One more point: in Merida, we have been spared much of the organised crime activity that is so destructive and dangerous in other places in Mexico. But without the cooperation of the three levels of government AND the public, I fear we are poised for much worse scenarios.

So, what’s to be done? Starting today how can we all help rather than hinder a turn for the better?

I believe that it is imperative to stop our constant complaining and find some group, a family, or a person in need. We can help and we should. How much you can help and how you can best do so, is between you and your higher self.

But I can emphatically promise you (yes promise you…) that if you become a quiet part of the solution, rather than a loud vocal objector, you will be happier and healthier…  

And so will Mexico.

Bonus: Read more about the vaccines at Yucatan Magazine: https://yucatanmagazine.com/coronavirus-vaccine-to-be-available-in-merida-starting-easter-weekend/?fbclid=IwAR1g0441fGP1GxSDWykCm1o5JReEj4pGdGHITFYyhl6WLyXvzuNIPCIwuuQ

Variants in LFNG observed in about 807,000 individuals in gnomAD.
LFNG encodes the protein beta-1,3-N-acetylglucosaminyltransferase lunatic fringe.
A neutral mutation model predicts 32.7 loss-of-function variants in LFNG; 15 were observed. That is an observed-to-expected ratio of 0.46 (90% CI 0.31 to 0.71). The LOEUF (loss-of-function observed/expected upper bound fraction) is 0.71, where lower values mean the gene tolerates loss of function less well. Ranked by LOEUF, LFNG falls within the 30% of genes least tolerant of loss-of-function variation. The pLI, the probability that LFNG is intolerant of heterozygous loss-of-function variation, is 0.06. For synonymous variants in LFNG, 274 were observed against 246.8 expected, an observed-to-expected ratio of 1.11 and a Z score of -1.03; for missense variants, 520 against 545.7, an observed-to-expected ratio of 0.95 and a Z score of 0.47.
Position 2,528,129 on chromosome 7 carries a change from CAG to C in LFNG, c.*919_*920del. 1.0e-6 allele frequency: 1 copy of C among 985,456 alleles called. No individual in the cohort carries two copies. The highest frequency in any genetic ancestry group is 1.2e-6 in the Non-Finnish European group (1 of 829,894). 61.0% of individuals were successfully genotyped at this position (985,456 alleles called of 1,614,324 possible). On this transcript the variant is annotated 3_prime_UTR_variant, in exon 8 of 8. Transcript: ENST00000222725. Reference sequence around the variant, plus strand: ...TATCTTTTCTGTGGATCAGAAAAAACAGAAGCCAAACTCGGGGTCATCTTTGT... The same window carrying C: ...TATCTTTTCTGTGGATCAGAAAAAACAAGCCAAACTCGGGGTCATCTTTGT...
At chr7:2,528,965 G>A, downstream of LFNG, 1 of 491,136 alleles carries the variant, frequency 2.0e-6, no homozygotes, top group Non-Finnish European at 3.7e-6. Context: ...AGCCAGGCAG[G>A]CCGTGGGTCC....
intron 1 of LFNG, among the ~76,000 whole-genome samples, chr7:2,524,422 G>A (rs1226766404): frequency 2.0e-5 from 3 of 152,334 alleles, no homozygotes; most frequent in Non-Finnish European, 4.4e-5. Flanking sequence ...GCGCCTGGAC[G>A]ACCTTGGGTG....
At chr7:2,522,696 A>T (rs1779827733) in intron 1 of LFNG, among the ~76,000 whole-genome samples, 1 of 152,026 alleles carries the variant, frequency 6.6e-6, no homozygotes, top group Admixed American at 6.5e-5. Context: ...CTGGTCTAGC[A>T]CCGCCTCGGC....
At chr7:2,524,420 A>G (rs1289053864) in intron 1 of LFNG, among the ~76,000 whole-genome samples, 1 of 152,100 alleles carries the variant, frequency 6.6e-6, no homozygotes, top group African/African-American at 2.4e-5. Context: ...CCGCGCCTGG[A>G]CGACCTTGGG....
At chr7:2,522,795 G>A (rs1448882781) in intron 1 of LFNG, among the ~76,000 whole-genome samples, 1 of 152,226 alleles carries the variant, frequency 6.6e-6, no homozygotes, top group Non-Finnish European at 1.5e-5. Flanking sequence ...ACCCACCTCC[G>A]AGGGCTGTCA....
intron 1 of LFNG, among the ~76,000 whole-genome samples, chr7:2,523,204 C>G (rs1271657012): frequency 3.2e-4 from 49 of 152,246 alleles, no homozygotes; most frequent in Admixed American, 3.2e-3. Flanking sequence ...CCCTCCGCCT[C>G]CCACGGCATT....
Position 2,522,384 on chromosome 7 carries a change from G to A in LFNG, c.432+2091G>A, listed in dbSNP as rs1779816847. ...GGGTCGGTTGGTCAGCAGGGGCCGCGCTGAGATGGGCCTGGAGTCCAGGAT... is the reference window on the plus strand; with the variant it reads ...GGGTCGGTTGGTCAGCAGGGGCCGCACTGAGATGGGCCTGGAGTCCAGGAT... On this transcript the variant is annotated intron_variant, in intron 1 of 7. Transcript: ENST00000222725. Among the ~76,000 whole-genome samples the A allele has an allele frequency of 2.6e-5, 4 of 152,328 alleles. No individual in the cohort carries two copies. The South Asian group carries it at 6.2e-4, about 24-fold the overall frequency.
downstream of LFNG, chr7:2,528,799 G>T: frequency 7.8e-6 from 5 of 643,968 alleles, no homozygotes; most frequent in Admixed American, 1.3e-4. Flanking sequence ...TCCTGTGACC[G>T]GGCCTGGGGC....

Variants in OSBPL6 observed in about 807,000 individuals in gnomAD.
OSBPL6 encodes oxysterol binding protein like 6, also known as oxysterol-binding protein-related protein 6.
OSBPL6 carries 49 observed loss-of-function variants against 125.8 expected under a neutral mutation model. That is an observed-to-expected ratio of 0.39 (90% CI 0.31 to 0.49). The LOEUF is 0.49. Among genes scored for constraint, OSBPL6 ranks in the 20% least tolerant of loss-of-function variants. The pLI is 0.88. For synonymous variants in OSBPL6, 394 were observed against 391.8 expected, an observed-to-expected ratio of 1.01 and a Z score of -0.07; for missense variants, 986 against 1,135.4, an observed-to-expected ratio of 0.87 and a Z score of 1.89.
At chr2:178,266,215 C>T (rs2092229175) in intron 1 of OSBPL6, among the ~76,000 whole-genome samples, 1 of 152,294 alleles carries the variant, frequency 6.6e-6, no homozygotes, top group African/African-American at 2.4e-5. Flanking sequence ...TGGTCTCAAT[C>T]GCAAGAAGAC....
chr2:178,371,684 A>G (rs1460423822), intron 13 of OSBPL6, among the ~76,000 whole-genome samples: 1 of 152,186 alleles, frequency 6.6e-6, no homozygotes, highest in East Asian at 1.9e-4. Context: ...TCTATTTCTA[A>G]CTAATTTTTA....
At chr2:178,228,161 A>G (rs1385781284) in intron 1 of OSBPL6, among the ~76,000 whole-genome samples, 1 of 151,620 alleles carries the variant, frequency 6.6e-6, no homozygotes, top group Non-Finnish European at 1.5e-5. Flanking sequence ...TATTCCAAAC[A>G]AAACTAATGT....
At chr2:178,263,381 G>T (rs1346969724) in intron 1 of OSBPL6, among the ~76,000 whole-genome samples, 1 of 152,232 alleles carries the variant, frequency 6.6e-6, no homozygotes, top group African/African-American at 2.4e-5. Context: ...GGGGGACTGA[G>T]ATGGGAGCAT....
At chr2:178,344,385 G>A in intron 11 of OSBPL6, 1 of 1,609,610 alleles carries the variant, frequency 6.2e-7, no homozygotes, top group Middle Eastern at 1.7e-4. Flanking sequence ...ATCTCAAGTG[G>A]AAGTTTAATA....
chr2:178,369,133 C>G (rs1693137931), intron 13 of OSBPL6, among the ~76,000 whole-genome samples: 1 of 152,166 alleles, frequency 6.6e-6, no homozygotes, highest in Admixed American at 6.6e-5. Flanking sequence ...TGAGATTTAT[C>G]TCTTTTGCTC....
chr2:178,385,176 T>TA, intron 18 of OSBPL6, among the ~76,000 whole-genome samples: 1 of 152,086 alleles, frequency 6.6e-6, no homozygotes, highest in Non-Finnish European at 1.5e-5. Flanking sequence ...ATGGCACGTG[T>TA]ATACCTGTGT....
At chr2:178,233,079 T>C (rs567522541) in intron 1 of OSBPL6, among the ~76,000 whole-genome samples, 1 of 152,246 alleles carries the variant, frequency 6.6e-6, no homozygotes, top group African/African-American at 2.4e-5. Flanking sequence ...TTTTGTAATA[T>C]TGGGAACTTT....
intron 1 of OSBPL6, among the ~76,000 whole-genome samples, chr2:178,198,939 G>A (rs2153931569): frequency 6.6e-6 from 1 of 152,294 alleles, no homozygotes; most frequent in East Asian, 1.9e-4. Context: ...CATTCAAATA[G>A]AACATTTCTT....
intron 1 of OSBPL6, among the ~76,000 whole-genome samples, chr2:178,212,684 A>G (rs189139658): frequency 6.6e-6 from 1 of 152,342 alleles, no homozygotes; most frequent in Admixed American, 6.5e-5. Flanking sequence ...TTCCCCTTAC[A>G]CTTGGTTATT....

March 8, 2021: International Women’s Day

Strength in Chiapas – photo by Carlos Rosado

I am up early this morning, wondering what will transpire on this day.

A call has been issued by most governments of the world urging “restraint”. Plainly said:

  • Now ladies, let’s be reasonable.
  • Please refrain from defacing public buildings and toppling monuments to macho accomplishments.
  • Dealing with millions of angry women marching in the streets is disturbing, especially on a Monday.
  • Remember COVID is still raging, life is already difficult enough.
  • Let’s try to keep it low-key, eh?

We are urged to:

  • Reflect on progress made.
  • Call for change.
  • Celebrate acts of courage and determination by ordinary women, who have played an extraordinary role in the history of their countries and communities.